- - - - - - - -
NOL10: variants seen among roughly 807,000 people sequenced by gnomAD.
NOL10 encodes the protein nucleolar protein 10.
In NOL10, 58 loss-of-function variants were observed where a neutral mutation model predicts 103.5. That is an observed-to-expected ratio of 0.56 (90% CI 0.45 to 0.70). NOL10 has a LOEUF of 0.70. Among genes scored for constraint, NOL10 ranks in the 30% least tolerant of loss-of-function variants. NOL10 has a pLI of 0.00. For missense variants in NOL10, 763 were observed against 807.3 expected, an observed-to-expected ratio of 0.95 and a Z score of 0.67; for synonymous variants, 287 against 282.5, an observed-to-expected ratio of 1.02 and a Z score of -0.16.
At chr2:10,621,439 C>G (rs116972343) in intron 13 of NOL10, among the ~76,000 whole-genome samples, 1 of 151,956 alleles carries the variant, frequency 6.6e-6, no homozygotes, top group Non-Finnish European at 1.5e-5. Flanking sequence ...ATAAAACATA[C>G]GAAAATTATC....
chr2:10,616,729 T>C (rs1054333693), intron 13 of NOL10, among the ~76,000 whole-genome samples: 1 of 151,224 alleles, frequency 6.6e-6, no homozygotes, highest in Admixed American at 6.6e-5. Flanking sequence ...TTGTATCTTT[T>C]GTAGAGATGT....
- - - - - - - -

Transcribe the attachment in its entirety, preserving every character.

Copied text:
NOL10: variants seen among roughly 807,000 people sequenced by gnomAD.
NOL10 encodes the protein nucleolar protein 10.
In NOL10, 58 loss-of-function variants were observed where a neutral mutation model predicts 103.5. That is an observed-to-expected ratio of 0.56 (90% CI 0.45 to 0.70). NOL10 has a LOEUF of 0.70. Among genes scored for constraint, NOL10 ranks in the 30% least tolerant of loss-of-function variants. NOL10 has a pLI of 0.00. For missense variants in NOL10, 763 were observed against 807.3 expected, an observed-to-expected ratio of 0.95 and a Z score of 0.67; for synonymous variants, 287 against 282.5, an observed-to-expected ratio of 1.02 and a Z score of -0.16.
At chr2:10,621,439 C>G (rs116972343) in intron 13 of NOL10, among the ~76,000 whole-genome samples, 1 of 151,956 alleles carries the variant, frequency 6.6e-6, no homozygotes, top group Non-Finnish European at 1.5e-5. Flanking sequence ...ATAAAACATA[C>G]GAAAATTATC....
chr2:10,616,729 T>C (rs1054333693), intron 13 of NOL10, among the ~76,000 whole-genome samples: 1 of 151,224 alleles, frequency 6.6e-6, no homozygotes, highest in Admixed American at 6.6e-5. Flanking sequence ...TTGTATCTTT[T>C]GTAGAGATGT....